A recently passed revision to the country’s constitution divides the post of Supreme Court president from the position of Judicial Council boss as of September. Vanko would like to see the new full-time head of the council elected at the soonest possible date. He, however, also suggested that the Judicial Council would not elect its new head at the same session as the Supreme Court president, the SITA newswire reported.

Meanwhile, the first candidate for the second round of elections of the Supreme Court president post emerged as judge Daniela Švecová is interested in running. She was approved by the council of judges at the Trnava Regional Court, Sme reported, adding that in 2005 she was elected deputy chairwoman of the Supreme Court. Between 2007 and 2012 she was a member of the Judicial Council as a nominee of former president Ivan Gašparovič, the daily Sme reported.

President Andrej Kiska in one of his first moves in office exchanged three Judicial Council members on June 18. Eduard Bárány, Gabriela Šimonová and Mária Bujňáková, the nominees of his predecessor Gašparovič, were replaced by three new members: Ján Klučka, Jozef Vozár and Elena Berthotyová. Kiska claimed the new members will be independent. At the same time, he added that when talking to his nominees, he discovered they share some of his opinions about the election of the Supreme Court president, the TASR newswire reported. Kiska said he hopes Harabin’s successor will be elected in the upcoming vote.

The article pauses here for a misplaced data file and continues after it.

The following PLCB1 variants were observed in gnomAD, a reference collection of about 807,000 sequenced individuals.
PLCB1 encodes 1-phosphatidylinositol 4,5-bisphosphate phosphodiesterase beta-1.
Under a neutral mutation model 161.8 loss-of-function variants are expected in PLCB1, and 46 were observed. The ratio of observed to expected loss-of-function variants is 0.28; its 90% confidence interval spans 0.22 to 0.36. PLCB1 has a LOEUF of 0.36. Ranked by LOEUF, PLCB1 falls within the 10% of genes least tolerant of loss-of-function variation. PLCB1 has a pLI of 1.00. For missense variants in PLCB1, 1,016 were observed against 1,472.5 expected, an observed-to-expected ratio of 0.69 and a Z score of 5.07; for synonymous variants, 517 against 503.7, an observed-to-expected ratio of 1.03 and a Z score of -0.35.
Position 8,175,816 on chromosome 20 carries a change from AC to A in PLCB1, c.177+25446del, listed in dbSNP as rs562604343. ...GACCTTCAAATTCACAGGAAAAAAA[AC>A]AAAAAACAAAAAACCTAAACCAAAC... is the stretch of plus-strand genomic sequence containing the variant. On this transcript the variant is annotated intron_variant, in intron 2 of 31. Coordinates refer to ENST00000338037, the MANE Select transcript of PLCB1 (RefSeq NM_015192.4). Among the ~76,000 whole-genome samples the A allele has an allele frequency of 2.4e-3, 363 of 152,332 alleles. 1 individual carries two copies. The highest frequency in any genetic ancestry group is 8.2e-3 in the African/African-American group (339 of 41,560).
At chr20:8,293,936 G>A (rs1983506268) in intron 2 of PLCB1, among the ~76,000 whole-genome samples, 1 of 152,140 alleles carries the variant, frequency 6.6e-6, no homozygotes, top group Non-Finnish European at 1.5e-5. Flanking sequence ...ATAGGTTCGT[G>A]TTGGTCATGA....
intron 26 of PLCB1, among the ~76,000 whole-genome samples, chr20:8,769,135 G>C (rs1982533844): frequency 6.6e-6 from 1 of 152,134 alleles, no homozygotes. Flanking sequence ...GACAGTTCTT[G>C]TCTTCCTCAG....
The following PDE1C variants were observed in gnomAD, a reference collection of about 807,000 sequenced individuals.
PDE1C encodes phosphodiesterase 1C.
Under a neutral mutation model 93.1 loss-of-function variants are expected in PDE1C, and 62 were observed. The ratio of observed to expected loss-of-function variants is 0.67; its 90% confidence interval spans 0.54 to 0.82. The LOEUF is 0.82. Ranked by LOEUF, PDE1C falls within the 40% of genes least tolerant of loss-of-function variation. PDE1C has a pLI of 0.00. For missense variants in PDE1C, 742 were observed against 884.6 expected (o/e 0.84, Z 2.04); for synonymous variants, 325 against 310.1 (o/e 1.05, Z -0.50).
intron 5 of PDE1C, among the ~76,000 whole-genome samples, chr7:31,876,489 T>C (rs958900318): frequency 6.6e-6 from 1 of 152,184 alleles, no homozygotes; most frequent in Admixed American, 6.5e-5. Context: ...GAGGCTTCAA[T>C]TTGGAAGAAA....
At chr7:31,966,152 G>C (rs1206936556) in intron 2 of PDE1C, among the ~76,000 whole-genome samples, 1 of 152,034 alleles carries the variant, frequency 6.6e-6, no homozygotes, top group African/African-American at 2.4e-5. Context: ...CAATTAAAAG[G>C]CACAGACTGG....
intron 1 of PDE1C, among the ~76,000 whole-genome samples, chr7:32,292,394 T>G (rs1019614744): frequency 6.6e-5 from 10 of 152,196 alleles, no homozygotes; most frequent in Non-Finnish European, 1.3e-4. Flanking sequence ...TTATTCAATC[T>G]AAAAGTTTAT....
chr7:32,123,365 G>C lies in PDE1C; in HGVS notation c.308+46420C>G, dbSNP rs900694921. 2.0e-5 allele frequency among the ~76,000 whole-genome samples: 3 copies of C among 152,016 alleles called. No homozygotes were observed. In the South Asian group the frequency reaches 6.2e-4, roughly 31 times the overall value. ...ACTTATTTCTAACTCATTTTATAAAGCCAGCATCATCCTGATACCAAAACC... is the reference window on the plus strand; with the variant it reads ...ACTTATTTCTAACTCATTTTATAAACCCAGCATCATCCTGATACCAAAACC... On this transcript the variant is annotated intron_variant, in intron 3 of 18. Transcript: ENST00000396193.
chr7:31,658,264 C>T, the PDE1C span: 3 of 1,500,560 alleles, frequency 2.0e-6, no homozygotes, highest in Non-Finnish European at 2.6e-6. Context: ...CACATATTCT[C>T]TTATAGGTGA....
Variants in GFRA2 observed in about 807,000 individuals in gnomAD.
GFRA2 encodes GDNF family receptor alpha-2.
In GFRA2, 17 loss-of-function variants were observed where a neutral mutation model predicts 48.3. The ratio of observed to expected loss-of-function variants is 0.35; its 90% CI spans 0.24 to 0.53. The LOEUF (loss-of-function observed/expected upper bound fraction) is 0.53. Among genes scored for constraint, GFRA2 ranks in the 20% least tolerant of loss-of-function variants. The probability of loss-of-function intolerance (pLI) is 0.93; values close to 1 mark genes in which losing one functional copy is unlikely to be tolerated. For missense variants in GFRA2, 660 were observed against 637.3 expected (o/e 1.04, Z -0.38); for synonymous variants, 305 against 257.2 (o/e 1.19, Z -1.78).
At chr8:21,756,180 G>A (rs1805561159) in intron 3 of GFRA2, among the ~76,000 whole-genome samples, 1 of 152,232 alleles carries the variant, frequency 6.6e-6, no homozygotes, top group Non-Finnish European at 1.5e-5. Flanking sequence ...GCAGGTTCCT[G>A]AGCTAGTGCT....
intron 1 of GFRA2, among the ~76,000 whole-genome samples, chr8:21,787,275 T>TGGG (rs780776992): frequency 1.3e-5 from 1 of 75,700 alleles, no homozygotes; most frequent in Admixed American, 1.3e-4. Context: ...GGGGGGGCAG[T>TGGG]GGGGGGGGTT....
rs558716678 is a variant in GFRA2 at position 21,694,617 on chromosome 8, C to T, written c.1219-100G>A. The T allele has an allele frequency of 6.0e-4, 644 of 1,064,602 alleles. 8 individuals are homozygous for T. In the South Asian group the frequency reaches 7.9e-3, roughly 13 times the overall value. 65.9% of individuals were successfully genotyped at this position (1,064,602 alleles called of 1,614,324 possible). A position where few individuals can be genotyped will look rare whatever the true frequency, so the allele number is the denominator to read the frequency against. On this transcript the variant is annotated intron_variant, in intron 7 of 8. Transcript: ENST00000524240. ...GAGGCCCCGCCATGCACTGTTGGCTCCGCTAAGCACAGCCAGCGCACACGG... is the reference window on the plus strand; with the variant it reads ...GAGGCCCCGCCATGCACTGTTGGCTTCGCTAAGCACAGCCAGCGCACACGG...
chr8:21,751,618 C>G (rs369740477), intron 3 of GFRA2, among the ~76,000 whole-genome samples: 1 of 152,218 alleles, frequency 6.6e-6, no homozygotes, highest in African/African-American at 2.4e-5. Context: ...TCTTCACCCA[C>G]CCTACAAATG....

Harabin was elected as chairman of the penal collegium of the Supreme Court on June 16, with 11 out of 16 votes, TASR reported. Harabin, who was the only candidate for the post, replaced Judge Harald Stiffel, who was dismissed after he reached 65 years of age.

Trouble with European court candidates

Elsewhere in judicial matters, the Assembly of the Council of Europe was not happy with the list of three candidates submitted by Slovakia for the judicial post of the European Court of Human Rights. As such, the Judicial Council nominated another group of candidates in December 2013, set to be presented in Strasbourg by the government. Foreign Minister Miroslav Lajčák, however, said that he is interested in offering to the Council of Europe names that stand a realistic chance of success.